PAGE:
java left logo
java middle logo
java right logo
 

Home arrow Other API Tips arrow NetBeans arrow Why use this strange convention - wouldn't a Map be good enough?
 
 
Main Menu
Home
Java Tutorials
Book Reviews
Java SE Tips
Java ME Tips
Java EE Tips
Other API Tips
Java Applications
Java Libraries
Java Games
Java Network
Java Forums
Java Blog




Most Visited Tips
Java SE Tips
Java ME Tips
Java EE Tips
Other API Tips
Java Applications
Java Libraries
Java Games
Book Reviews
Top Rated Tips
Java SE Tips
Java ME Tips
Java EE Tips
Other API Tips
Java Applications
Java Libraries
Java Games
Book Reviews


Statistics
Registered Users: 4100
Java SE Tips: 614
Java ME Tips: 202
Java EE Tips: 183
Other API Tips: 779
Java Applications: 298
Java Libraries: 209
Java Games: 16
Book Reviews:
 
 
 
Why use this strange convention - wouldn't a Map be good enough? E-mail
User Rating: / 0
PoorBest 

Other platforms do use string-keyed maps for this sort of thing, but there are some weaknesses with that approach:

  1. it is impossible to enforce dependencies. With Lookup, a module's code cannot request an object unless it can access the object's class, and it won't be able to access the object's class unless it declares a dependency on the API module that defines it. (A <T> Map<Class<T>,T> would do the same job as Lookup.)
  2. The class of values in a map can change without notice - so if you have (SomeIface) foo = (SomeIface) globalMap.get("foo"), some new version of the module that provides "foo" can change the return type, causing ClassCastExceptions; with Lookup, you cannot ever get an object that is not of the type you passed in the request - so Lookup's approach is more robust. (Again, a generics-aware Map might be able to solve this.)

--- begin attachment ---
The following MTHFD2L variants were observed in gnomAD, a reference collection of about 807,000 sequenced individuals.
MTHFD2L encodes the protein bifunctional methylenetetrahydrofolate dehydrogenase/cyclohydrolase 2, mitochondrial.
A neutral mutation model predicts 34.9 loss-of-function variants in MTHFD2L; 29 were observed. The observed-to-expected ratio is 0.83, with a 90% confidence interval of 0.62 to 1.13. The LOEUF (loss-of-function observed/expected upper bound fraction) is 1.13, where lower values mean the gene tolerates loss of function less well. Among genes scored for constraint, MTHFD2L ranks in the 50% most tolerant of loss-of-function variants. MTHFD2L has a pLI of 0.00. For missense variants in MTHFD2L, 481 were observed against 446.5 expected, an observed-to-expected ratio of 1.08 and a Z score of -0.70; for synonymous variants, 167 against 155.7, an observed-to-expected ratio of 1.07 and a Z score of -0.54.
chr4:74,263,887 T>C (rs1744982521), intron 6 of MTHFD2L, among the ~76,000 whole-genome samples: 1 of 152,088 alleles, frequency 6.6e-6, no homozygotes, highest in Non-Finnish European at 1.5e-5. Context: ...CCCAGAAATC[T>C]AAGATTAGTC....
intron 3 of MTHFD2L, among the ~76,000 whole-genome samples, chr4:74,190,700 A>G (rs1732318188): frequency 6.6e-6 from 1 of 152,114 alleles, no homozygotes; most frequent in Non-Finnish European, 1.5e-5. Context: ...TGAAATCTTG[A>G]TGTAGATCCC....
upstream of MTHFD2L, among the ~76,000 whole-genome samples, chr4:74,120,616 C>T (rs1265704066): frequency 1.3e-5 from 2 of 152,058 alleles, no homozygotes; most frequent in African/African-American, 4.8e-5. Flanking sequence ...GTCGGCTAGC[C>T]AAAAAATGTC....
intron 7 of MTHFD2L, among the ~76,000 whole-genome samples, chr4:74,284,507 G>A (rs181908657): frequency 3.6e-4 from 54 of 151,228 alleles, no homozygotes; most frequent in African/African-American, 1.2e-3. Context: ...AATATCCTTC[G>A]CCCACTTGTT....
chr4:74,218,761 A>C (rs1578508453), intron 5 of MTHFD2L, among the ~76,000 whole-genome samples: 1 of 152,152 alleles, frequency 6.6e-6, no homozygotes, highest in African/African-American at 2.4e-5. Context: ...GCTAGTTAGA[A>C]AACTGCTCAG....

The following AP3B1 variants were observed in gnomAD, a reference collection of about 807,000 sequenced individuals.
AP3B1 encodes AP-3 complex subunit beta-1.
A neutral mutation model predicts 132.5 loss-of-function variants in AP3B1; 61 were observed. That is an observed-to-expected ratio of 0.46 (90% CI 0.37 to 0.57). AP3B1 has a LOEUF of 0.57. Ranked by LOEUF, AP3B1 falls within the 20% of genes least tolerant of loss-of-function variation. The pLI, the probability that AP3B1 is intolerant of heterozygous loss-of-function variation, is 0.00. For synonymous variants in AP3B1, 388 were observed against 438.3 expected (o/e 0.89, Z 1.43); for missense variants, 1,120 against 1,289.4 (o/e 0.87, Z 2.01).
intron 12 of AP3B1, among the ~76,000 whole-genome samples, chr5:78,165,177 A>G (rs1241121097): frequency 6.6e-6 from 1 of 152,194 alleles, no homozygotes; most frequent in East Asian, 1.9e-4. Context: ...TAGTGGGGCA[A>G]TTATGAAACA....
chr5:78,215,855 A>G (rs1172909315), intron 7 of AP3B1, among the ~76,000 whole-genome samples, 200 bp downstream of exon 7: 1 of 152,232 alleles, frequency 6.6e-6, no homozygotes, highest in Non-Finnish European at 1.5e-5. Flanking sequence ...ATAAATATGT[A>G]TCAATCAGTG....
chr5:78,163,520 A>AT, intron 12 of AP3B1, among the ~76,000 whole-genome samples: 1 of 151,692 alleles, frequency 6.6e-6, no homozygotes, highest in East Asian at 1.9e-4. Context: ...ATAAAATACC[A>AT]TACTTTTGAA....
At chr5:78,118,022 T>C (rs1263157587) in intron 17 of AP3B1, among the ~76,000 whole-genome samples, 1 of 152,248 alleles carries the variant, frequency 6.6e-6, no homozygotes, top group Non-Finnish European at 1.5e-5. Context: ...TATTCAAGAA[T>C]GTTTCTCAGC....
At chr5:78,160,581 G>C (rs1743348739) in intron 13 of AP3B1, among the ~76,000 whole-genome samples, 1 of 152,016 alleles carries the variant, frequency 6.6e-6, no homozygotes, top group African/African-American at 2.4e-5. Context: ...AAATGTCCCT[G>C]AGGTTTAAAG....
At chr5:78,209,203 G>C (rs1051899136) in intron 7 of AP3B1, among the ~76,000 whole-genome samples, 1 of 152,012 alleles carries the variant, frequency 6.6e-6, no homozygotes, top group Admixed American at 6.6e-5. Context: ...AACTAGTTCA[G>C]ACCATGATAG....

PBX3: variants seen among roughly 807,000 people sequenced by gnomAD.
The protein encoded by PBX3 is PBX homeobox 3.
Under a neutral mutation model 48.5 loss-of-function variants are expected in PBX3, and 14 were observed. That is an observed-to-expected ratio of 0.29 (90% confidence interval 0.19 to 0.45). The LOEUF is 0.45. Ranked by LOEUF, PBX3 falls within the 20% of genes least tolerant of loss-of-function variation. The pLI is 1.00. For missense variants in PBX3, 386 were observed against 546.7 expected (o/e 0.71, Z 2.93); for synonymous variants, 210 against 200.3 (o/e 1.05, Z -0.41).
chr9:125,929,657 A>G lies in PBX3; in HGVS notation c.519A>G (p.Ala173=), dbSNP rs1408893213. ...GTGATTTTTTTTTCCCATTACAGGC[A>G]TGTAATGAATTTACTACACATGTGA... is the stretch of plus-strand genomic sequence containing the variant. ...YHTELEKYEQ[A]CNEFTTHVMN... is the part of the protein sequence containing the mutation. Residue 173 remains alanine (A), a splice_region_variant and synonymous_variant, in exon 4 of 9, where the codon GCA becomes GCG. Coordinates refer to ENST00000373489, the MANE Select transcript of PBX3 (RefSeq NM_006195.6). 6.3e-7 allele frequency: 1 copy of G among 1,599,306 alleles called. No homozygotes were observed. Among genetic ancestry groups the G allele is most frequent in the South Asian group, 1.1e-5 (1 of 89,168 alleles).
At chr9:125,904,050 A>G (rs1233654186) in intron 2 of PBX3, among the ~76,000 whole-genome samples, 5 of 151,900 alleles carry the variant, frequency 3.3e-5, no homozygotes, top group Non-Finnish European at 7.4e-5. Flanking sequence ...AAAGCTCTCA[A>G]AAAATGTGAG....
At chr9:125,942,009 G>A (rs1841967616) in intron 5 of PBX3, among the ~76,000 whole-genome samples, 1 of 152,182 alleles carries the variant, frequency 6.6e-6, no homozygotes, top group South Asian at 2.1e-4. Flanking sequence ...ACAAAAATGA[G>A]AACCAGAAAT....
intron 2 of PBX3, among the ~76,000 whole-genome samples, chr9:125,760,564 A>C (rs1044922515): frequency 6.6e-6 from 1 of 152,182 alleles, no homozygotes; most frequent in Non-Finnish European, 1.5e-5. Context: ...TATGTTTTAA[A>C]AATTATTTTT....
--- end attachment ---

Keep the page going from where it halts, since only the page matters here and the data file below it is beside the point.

3. Lookup supports listening to changes in the result.
  4. Lookup supports multiple instances for one key. (Sort of like <T> Map<Class<T>,List<T>>)

There are some other capabilities of Lookup (such as getting classes of results without instantiating them, and naming result items) but these are rarely used in practice.

Lookup is very powerful, yet simple and generic; people quickly learn to love it, once they realize what it can do.

Source: NetBeans FAQ


 Related Tips

 
< Prev

Page 1 of 0 ( 0 comments )

You can share your information about this topic using the form below!

Please do not post your questions with this form! Thanks.


Name (required)


E-Mail (required)

Your email will not be displayed on the site - only to our administrator
Homepage(optional)



Comment Enable HTML code : Yes No



 
       
         
     
 
 
 
   
 
 
java bottom left
java bottom middle
java bottom right
RSS 0.91 FeedRSS 1.0 FeedRSS 2.0 FeedATOM FeedOPML Feed

Home - About Us - Privacy Policy
Copyright 2005 - 2008 www.java-tips.org
Java is a trademark of Sun Microsystems, Inc.